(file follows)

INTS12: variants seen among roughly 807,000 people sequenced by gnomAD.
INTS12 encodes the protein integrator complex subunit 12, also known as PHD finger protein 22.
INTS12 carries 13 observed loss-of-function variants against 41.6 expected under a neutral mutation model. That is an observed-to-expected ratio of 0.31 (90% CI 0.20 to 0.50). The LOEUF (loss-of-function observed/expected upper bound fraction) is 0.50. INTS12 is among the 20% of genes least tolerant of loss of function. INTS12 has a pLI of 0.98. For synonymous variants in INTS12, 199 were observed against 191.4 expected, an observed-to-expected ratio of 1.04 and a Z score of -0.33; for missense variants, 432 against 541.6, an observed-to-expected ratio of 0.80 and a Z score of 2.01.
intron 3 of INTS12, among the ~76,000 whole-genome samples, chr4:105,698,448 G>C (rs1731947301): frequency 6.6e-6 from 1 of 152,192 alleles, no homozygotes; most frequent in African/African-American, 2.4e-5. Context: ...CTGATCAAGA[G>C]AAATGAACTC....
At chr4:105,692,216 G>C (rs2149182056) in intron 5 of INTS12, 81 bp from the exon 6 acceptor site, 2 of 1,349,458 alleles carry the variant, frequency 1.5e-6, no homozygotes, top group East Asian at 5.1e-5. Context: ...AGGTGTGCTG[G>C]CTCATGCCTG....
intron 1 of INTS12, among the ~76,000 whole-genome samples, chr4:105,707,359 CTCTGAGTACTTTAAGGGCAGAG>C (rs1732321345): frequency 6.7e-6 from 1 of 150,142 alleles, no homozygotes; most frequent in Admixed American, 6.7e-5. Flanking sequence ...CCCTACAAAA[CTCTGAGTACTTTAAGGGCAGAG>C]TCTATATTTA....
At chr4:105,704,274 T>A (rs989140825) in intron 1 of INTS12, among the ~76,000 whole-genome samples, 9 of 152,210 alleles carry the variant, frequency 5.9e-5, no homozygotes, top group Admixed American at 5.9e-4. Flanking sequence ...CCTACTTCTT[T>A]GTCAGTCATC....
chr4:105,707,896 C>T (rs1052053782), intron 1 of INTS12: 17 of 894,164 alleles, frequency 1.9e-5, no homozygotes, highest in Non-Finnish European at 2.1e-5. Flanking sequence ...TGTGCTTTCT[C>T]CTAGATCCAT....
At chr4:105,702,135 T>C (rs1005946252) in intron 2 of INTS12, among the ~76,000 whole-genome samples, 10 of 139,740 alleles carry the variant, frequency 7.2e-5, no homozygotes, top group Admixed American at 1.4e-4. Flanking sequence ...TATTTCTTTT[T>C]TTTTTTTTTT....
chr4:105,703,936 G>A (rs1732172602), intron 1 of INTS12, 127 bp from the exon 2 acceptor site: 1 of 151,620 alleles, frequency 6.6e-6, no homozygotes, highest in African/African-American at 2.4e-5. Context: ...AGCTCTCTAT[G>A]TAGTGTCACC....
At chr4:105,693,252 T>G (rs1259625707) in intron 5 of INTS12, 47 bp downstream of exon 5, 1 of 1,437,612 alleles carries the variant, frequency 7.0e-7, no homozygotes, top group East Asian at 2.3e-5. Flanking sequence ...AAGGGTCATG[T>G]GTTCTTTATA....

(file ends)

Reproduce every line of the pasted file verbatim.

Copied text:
INTS12: variants seen among roughly 807,000 people sequenced by gnomAD.
INTS12 encodes the protein integrator complex subunit 12, also known as PHD finger protein 22.
INTS12 carries 13 observed loss-of-function variants against 41.6 expected under a neutral mutation model. That is an observed-to-expected ratio of 0.31 (90% CI 0.20 to 0.50). The LOEUF (loss-of-function observed/expected upper bound fraction) is 0.50. INTS12 is among the 20% of genes least tolerant of loss of function. INTS12 has a pLI of 0.98. For synonymous variants in INTS12, 199 were observed against 191.4 expected, an observed-to-expected ratio of 1.04 and a Z score of -0.33; for missense variants, 432 against 541.6, an observed-to-expected ratio of 0.80 and a Z score of 2.01.
intron 3 of INTS12, among the ~76,000 whole-genome samples, chr4:105,698,448 G>C (rs1731947301): frequency 6.6e-6 from 1 of 152,192 alleles, no homozygotes; most frequent in African/African-American, 2.4e-5. Context: ...CTGATCAAGA[G>C]AAATGAACTC....
At chr4:105,692,216 G>C (rs2149182056) in intron 5 of INTS12, 81 bp from the exon 6 acceptor site, 2 of 1,349,458 alleles carry the variant, frequency 1.5e-6, no homozygotes, top group East Asian at 5.1e-5. Context: ...AGGTGTGCTG[G>C]CTCATGCCTG....
intron 1 of INTS12, among the ~76,000 whole-genome samples, chr4:105,707,359 CTCTGAGTACTTTAAGGGCAGAG>C (rs1732321345): frequency 6.7e-6 from 1 of 150,142 alleles, no homozygotes; most frequent in Admixed American, 6.7e-5. Flanking sequence ...CCCTACAAAA[CTCTGAGTACTTTAAGGGCAGAG>C]TCTATATTTA....
At chr4:105,704,274 T>A (rs989140825) in intron 1 of INTS12, among the ~76,000 whole-genome samples, 9 of 152,210 alleles carry the variant, frequency 5.9e-5, no homozygotes, top group Admixed American at 5.9e-4. Flanking sequence ...CCTACTTCTT[T>A]GTCAGTCATC....
chr4:105,707,896 C>T (rs1052053782), intron 1 of INTS12: 17 of 894,164 alleles, frequency 1.9e-5, no homozygotes, highest in Non-Finnish European at 2.1e-5. Flanking sequence ...TGTGCTTTCT[C>T]CTAGATCCAT....
At chr4:105,702,135 T>C (rs1005946252) in intron 2 of INTS12, among the ~76,000 whole-genome samples, 10 of 139,740 alleles carry the variant, frequency 7.2e-5, no homozygotes, top group Admixed American at 1.4e-4. Flanking sequence ...TATTTCTTTT[T>C]TTTTTTTTTT....
chr4:105,703,936 G>A (rs1732172602), intron 1 of INTS12, 127 bp from the exon 2 acceptor site: 1 of 151,620 alleles, frequency 6.6e-6, no homozygotes, highest in African/African-American at 2.4e-5. Context: ...AGCTCTCTAT[G>A]TAGTGTCACC....
At chr4:105,693,252 T>G (rs1259625707) in intron 5 of INTS12, 47 bp downstream of exon 5, 1 of 1,437,612 alleles carries the variant, frequency 7.0e-7, no homozygotes, top group East Asian at 2.3e-5. Flanking sequence ...AAGGGTCATG[T>G]GTTCTTTATA....